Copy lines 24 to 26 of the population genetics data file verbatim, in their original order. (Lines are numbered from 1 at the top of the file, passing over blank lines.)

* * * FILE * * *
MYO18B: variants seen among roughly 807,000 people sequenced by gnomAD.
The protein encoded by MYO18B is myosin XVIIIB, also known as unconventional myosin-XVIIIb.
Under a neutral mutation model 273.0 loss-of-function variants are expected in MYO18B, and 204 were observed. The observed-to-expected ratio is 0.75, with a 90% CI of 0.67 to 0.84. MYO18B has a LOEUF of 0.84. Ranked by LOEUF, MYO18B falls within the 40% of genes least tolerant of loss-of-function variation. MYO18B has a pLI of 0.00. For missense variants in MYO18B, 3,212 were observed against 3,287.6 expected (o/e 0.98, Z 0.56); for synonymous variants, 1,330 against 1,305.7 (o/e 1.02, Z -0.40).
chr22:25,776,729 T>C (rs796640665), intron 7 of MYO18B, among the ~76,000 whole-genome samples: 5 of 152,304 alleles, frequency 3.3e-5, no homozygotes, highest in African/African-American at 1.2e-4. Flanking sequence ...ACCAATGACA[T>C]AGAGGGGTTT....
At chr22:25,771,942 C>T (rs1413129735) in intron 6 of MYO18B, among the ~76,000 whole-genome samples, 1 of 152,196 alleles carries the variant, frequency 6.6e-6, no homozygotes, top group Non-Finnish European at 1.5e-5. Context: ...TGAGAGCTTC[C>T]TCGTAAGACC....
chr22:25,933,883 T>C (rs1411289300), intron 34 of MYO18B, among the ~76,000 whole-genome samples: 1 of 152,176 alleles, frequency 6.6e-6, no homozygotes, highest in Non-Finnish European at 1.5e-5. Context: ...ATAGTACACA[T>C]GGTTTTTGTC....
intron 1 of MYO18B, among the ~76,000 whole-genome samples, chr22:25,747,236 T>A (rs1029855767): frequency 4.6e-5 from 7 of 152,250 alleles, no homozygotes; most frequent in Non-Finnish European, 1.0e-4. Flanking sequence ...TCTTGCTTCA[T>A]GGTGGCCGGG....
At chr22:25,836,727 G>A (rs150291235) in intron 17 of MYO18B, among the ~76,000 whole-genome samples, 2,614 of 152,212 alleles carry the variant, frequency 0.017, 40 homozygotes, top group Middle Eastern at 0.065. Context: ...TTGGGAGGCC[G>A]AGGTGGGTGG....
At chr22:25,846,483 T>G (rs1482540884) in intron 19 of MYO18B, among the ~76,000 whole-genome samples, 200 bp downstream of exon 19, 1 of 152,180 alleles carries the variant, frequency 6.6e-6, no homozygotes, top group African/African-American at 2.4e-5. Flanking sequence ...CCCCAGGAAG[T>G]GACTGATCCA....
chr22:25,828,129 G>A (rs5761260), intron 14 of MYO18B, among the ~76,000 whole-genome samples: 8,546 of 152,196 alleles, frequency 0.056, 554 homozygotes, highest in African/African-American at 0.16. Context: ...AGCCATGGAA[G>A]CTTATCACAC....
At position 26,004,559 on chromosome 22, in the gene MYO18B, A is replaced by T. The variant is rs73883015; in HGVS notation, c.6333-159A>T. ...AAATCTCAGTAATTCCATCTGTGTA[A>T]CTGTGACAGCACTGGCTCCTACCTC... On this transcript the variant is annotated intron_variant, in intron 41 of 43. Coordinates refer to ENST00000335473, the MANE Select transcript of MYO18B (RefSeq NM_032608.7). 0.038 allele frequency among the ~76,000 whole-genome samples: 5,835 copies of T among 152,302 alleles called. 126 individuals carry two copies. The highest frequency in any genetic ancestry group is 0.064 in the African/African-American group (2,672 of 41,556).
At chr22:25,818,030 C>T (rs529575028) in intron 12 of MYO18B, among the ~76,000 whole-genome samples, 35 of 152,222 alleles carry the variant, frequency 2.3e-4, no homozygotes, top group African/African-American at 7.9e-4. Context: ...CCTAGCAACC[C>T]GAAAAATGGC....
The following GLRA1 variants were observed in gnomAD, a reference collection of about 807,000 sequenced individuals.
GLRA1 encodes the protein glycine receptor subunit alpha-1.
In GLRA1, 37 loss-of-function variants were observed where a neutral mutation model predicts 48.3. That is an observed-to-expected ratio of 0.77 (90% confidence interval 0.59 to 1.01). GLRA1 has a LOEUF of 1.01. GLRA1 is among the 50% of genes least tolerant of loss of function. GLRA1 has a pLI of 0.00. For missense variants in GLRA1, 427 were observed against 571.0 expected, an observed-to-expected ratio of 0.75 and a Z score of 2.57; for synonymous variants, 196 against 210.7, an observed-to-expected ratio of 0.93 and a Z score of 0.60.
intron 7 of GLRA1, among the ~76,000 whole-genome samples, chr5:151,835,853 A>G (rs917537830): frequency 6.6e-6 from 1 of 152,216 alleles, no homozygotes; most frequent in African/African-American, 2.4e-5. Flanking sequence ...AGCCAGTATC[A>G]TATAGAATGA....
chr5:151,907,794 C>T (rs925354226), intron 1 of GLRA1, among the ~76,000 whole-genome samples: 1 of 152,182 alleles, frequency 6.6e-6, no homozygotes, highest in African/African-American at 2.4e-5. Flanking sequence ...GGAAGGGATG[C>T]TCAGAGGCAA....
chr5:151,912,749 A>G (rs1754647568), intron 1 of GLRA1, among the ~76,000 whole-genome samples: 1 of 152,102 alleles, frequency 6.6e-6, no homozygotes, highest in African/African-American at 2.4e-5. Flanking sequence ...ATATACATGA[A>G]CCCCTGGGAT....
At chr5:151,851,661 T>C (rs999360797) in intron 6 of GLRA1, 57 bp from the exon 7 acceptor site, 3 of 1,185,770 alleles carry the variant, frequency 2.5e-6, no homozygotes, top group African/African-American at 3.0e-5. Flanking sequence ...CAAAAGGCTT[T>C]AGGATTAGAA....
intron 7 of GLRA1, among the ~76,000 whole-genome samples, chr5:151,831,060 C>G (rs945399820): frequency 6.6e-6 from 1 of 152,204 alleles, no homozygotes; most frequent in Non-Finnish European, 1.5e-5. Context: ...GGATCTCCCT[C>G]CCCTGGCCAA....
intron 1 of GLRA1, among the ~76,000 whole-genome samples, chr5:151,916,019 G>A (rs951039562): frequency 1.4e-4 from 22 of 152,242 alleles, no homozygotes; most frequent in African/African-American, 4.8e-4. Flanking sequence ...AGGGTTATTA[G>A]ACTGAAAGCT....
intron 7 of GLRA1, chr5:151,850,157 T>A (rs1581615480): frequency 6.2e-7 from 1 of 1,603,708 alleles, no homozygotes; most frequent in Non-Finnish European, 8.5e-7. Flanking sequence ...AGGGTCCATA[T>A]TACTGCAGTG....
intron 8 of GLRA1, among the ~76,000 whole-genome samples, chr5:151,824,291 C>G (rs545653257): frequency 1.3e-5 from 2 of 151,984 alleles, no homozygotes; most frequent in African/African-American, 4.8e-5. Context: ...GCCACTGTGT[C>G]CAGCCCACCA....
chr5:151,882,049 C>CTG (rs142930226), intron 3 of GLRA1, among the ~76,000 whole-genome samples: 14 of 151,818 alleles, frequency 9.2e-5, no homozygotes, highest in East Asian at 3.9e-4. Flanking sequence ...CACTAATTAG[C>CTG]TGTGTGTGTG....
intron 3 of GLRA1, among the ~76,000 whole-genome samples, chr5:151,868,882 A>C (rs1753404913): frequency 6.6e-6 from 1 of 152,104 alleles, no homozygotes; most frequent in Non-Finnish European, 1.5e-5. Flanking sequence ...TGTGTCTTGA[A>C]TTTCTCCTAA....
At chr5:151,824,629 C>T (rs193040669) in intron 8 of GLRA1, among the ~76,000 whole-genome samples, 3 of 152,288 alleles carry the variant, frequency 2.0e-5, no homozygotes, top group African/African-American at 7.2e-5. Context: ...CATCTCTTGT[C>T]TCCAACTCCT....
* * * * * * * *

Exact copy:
chr5:151,882,049 C>CTG (rs142930226), intron 3 of GLRA1, among the ~76,000 whole-genome samples: 14 of 151,818 alleles, frequency 9.2e-5, no homozygotes, highest in East Asian at 3.9e-4. Flanking sequence ...CACTAATTAG[C>CTG]TGTGTGTGTG....
intron 3 of GLRA1, among the ~76,000 whole-genome samples, chr5:151,868,882 A>C (rs1753404913): frequency 6.6e-6 from 1 of 152,104 alleles, no homozygotes; most frequent in Non-Finnish European, 1.5e-5. Flanking sequence ...TGTGTCTTGA[A>C]TTTCTCCTAA....
At chr5:151,824,629 C>T (rs193040669) in intron 8 of GLRA1, among the ~76,000 whole-genome samples, 3 of 152,288 alleles carry the variant, frequency 2.0e-5, no homozygotes, top group African/African-American at 7.2e-5. Context: ...CATCTCTTGT[C>T]TCCAACTCCT....